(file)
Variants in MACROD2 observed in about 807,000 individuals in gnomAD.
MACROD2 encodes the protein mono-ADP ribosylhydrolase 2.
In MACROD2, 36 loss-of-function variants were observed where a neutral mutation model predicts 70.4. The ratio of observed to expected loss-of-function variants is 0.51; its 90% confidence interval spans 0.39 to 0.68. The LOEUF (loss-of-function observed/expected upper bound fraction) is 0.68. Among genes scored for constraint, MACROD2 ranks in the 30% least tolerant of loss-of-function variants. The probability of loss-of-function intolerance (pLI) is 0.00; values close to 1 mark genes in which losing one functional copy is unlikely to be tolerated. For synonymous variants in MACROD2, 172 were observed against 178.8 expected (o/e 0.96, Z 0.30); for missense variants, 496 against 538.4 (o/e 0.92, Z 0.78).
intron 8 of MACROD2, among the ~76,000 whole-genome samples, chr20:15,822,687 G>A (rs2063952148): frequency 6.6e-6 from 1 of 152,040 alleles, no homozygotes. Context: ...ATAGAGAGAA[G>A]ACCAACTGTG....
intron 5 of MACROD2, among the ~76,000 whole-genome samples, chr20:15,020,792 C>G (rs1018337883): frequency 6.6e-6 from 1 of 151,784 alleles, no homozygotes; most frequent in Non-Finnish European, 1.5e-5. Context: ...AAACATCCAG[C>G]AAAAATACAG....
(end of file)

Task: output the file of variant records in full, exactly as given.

Variants in MACROD2 observed in about 807,000 individuals in gnomAD.
MACROD2 encodes the protein mono-ADP ribosylhydrolase 2.
In MACROD2, 36 loss-of-function variants were observed where a neutral mutation model predicts 70.4. The ratio of observed to expected loss-of-function variants is 0.51; its 90% confidence interval spans 0.39 to 0.68. The LOEUF (loss-of-function observed/expected upper bound fraction) is 0.68. Among genes scored for constraint, MACROD2 ranks in the 30% least tolerant of loss-of-function variants. The probability of loss-of-function intolerance (pLI) is 0.00; values close to 1 mark genes in which losing one functional copy is unlikely to be tolerated. For synonymous variants in MACROD2, 172 were observed against 178.8 expected (o/e 0.96, Z 0.30); for missense variants, 496 against 538.4 (o/e 0.92, Z 0.78).
intron 8 of MACROD2, among the ~76,000 whole-genome samples, chr20:15,822,687 G>A (rs2063952148): frequency 6.6e-6 from 1 of 152,040 alleles, no homozygotes. Context: ...ATAGAGAGAA[G>A]ACCAACTGTG....
intron 5 of MACROD2, among the ~76,000 whole-genome samples, chr20:15,020,792 C>G (rs1018337883): frequency 6.6e-6 from 1 of 151,784 alleles, no homozygotes; most frequent in Non-Finnish European, 1.5e-5. Context: ...AAACATCCAG[C>G]AAAAATACAG....